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NCACC President Brenda Howerton Hosts Summit as Part of Presidential Initiative, “100 Counties: Helping Our Children Thrive”

Greensboro, N.C. – This week, Brenda Howerton, President of the North Carolina Association of County Commissioners (NCACC) and Durham County Commissioner, hosted the 100 Counties: Helping Our Children Thrive Summit. The event was part of her presidential initiative to identify ways for county government to make a positive impact in children’s lives.

“The journey to this summit began last fall, when we surveyed every county to identify best practices in programs and services that support our children.  The summit showcased some of the most innovative ways counties are addressing the needs of children.  I am thrilled that other counties were inspired by what they learned and are taking new ideas back to their community,” said President Howerton.

The two-day summit featured counties throughout the state that offer programs to help keep kids healthy and safe, provide mentoring, parental, and family support, address academic and workforce readiness, and promote youth civic engagement and leadership. Participants also heard presentations from various grant making organizations to learn about funding opportunities for projects that help children. 

The summit featured keynote speaker Noran Sanford, founder of Growing Change, and members of his youth Leadership Team, Terrence Smith and Derek Cummings, who discussed their “prison flip” initiative.  Growing Change is an organization that seeks to harness the potential of youth connected to the juvenile justice system by empowering them to lead community development projects.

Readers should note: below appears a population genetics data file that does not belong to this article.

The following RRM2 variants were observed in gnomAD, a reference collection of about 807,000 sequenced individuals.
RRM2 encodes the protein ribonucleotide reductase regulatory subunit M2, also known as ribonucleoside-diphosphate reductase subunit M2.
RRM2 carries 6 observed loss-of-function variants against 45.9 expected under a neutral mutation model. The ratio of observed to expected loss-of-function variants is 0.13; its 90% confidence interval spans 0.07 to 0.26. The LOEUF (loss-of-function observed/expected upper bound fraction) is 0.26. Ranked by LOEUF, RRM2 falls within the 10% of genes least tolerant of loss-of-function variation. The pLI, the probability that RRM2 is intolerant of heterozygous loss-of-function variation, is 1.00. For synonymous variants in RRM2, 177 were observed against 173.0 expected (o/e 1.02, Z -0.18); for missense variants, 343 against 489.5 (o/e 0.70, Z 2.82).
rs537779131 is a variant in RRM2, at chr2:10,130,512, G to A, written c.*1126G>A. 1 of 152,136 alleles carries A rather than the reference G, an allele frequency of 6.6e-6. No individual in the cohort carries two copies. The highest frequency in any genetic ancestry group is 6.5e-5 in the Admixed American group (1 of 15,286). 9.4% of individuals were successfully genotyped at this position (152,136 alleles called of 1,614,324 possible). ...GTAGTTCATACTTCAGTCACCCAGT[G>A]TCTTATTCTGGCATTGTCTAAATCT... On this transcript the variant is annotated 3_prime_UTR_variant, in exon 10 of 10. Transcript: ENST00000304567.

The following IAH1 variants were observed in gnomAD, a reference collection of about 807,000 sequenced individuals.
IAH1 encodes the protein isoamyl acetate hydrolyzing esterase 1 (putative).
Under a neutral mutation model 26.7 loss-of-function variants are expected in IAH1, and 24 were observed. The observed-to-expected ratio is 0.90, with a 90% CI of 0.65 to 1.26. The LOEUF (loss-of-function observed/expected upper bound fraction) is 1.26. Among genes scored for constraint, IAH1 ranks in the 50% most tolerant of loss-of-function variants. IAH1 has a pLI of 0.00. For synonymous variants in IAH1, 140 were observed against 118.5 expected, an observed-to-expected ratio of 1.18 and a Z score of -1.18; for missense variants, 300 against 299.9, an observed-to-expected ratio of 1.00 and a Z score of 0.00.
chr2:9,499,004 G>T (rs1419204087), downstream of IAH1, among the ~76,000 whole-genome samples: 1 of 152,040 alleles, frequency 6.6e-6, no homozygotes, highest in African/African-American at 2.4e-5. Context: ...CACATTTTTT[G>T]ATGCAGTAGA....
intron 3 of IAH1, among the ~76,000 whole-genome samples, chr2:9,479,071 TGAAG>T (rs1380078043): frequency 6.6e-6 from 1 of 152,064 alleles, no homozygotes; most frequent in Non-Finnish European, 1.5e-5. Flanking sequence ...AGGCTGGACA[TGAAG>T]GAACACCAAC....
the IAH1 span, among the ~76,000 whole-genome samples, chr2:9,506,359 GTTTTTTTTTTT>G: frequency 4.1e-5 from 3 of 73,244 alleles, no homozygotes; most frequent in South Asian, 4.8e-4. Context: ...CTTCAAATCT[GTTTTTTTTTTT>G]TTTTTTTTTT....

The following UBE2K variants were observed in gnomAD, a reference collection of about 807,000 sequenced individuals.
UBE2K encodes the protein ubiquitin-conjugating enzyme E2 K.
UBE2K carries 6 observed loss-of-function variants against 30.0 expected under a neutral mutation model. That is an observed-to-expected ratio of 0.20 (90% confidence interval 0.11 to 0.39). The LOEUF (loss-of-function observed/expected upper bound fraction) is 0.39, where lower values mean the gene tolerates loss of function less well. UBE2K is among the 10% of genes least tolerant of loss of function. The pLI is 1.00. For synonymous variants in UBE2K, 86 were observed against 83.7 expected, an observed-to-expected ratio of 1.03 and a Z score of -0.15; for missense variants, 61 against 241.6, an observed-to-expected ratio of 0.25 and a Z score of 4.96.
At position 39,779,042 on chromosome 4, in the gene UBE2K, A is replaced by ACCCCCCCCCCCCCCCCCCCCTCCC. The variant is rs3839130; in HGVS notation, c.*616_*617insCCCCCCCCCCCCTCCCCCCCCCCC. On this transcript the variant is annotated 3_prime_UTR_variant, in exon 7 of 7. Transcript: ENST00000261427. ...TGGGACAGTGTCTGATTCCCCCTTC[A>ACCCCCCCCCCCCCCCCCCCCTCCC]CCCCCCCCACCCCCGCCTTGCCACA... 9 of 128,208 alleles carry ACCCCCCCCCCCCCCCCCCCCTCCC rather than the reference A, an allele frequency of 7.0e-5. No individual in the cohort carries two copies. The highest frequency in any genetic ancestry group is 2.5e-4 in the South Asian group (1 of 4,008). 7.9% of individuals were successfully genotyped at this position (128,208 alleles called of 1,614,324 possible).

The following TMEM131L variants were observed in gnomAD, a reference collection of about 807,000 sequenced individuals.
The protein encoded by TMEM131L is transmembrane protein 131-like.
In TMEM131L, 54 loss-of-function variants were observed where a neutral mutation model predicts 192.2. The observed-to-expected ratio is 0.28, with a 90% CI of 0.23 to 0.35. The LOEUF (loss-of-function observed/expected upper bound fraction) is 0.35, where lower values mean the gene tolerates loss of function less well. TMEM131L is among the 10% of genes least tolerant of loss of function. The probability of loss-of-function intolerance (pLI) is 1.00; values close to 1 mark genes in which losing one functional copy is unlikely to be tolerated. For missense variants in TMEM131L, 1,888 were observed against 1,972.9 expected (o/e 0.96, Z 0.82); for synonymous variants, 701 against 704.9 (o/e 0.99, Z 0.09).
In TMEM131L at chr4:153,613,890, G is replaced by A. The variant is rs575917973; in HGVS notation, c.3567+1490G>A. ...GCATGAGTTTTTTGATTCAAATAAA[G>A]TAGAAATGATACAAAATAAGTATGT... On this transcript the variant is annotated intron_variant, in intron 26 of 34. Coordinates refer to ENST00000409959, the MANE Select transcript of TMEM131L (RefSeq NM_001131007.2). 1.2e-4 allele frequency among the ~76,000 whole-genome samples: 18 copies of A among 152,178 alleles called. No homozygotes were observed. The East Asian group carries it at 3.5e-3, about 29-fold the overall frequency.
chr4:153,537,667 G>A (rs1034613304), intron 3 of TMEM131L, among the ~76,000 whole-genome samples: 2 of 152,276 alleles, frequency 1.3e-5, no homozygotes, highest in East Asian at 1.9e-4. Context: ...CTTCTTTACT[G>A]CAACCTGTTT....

Growing Change has converted an abandoned state prison in Scotland County into a community garden, which allows the group to distribute healthy produce to needy families.  The organization has made numerous presentations to other states as well as national and international audiences interested in replicating its model.

Terrell “Tae” Brown, a first-generation college student, also delivered a keynote speech to share his personal story of resilience.  He explained how community mentors play an important role in buffering the effects of adverse childhood experiences and developing youth resilience.  He attributed his success, confidence, and leadership skills to the support he received from the Boys & Girls Club and other community organizations in Henderson County, where he grew up. 

In addition, the summit included a youth panel discussion and screening of the award-winning documentary,Resilience.  The film discusses new research that reveals how child abuse and stress can wreak havoc on the physical health of a child.  The summit concluded with a facilitated table top exercise for counties to design an action plan to improve their ability to address children’s needs.

The event agenda including program and speaker names is available at:  A short video featuring highlights from the summit is availablehere.

Editors: Print quality photos may be downloaded for use at:  Photos should be credited as follows: Photo courtesy Chris Baucom/NCACC.